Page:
Growing organically – a goal that many farms are moving towards or have, at the very least, considered. For soilless farms in the US, the contentious issue of organic hydroponics classification remains at the forefront of the industry, with the recirculation of nutrients back into the soil being one of the main issues at hand. Essentially, at the root level, the growing environment is very different. For soil-based farms, creating organics can be done easily. Whereas for soilless farms, this requires substantially more thought and process design behind the systems and inputs that are used. Being able to reproduce standardized, sterile, and a nutritionally balanced microbial ecosystems, similar to what happens in soil, requires more thought when working in a soilless farm. One method that has been mentioned is the incorporation of bioponics.
Bioponics: What Is It?
In a nutshell, “bioponics” covers the full range of activities under soilless farming. In other words, crops can be grown either (1) with their roots immersed or exposed to nutrient solutions such as often observed in hydroponics and aeroponics systems, or (2) within a system that utilizes fish waste as the nutrient, such as aquaponics. What differentiates it is that it takes into consideration the sufficient level of biological activity needed to grow crops by only using chemical-free and organic nutrients. Through bioponics, farms are able to create a symbiotic relationship between themselves, their crops, as well as microorganisms.
Bioponics vs Hydroponics vs Aquaponics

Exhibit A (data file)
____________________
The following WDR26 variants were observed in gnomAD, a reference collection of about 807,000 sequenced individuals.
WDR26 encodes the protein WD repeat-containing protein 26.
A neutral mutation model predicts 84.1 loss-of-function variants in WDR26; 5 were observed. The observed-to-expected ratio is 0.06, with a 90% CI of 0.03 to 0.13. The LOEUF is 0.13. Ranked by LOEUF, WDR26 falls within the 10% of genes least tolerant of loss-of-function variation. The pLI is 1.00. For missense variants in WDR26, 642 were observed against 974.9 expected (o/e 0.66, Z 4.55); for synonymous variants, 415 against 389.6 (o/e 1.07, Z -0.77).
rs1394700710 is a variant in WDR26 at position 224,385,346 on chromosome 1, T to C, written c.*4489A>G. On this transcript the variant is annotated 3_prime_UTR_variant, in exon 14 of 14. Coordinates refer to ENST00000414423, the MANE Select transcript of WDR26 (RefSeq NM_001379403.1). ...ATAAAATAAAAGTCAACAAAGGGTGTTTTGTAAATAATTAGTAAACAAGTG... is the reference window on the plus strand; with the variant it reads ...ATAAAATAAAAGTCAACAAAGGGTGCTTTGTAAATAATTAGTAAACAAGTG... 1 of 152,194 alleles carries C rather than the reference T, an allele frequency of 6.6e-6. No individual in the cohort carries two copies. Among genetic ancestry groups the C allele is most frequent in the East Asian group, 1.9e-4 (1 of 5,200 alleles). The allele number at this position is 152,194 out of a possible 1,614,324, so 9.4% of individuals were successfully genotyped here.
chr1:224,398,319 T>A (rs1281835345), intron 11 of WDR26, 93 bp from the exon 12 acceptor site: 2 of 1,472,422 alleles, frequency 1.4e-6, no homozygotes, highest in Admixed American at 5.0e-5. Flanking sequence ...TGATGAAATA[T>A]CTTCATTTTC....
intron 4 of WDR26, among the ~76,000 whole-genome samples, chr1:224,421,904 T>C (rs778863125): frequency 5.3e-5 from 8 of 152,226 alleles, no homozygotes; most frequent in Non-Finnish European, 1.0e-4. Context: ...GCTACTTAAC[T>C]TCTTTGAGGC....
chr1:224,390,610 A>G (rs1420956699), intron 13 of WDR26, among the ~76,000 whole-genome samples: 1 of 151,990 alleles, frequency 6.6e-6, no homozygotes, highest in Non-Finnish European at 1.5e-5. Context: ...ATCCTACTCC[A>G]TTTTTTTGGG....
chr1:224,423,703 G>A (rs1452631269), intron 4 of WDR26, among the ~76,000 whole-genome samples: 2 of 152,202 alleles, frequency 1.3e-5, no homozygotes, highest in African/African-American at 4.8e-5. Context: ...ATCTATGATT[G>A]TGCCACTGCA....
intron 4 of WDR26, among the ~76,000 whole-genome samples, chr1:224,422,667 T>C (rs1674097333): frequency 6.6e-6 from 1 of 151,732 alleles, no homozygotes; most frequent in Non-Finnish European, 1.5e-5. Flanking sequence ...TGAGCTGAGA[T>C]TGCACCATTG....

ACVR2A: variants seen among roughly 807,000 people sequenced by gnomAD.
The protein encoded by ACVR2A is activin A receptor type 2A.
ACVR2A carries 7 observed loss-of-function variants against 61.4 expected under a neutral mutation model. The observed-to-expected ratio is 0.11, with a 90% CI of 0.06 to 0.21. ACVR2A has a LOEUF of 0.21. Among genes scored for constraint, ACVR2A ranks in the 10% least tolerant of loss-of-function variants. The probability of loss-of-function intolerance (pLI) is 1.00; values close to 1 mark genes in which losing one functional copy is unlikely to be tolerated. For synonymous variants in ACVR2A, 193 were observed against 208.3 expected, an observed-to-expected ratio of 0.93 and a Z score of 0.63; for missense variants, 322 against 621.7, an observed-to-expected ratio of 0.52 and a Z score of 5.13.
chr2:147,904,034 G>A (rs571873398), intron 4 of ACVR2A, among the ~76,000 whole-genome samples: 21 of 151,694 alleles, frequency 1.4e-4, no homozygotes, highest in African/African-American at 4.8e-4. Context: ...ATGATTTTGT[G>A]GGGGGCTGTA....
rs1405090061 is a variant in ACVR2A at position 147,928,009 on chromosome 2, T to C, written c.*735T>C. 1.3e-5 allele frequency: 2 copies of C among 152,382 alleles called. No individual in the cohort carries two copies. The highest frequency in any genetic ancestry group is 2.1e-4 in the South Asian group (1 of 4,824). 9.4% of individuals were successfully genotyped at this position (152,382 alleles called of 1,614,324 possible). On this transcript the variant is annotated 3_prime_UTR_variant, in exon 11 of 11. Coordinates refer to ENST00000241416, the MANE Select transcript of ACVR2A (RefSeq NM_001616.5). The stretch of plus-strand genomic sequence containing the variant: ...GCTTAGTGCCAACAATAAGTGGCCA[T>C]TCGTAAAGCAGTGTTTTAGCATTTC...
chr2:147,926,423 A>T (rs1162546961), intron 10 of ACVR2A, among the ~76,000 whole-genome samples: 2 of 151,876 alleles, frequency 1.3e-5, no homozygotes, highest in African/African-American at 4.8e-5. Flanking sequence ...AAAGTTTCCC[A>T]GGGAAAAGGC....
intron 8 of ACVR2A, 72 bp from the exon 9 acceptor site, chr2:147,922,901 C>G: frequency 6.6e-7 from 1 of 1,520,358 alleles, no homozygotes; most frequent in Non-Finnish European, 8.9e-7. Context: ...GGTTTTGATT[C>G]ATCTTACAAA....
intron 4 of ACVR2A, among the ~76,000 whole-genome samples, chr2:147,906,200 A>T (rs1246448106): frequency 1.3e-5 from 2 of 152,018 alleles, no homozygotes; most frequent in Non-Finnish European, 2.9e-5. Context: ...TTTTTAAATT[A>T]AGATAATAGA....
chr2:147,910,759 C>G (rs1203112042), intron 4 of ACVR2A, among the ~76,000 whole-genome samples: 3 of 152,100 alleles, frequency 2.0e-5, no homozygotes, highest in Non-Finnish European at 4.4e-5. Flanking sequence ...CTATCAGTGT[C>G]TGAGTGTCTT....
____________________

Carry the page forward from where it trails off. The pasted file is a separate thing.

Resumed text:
Many hydroponic systems still use synthetic mineral salts instead of organic hydroponic nutrients. This is because conventional hydroponic systems aren’t designed to incorporate biofiltration, lack consistent and renewable inputs, and are without appropriate plumbing to completely support the usage of nutrients sourced from non-synthetic, biological inputs, which in many cases can lead to system clogging caused by communities of microorganisms competing for oxygen and surface area. This eventually leads to biofilm which further challenges a hydroponic system with aggressive pH and electrocondivity variability and a non-sterile system because microbes wish to continue to thrive. As for aquaponic systems, they typically require additional synthetic mineral salts to supplement the micronutrients produced from the fish waste. Many heavy feeding and flowering plants require high levels of minerals which is challenging to produce from fish alone, requiring these farms to use base or acid addition tanks.
When comparing bioponics to aquaponics, both systems begin with a form of organic biomass as the source of its nutrients. For example, fish urine, produce organic biomass after the fish consumes organic feed. With bioponics however, microbes produce the organic biomass by converting it into carbon.
A Sustainable Agriculture Solution for Soilless Farms
Growing bioponically can be done. How do we know? Because through various farm trials, our organic hydroponic nutrient, which incorporates the usage of beneficial microorganisms, has shown time and time again that we can achieve the following:
Water consumption and nutrient usage becomes a fraction of what conventional soilless farms are used to. Through bioponics, there could be the establishment of microbials in the reservoir which farms may want to continually build upon for the health of the ecosystem that they’re growing.
Crops can express its full genetic potential, replicating the biological activity that would happen in a soil-based system, while also producing competitive yields when using synthetic mineral salts.
There will be a large microbial population that will act as a formidable barrier for a crop’s roots, protecting it from pathogens.
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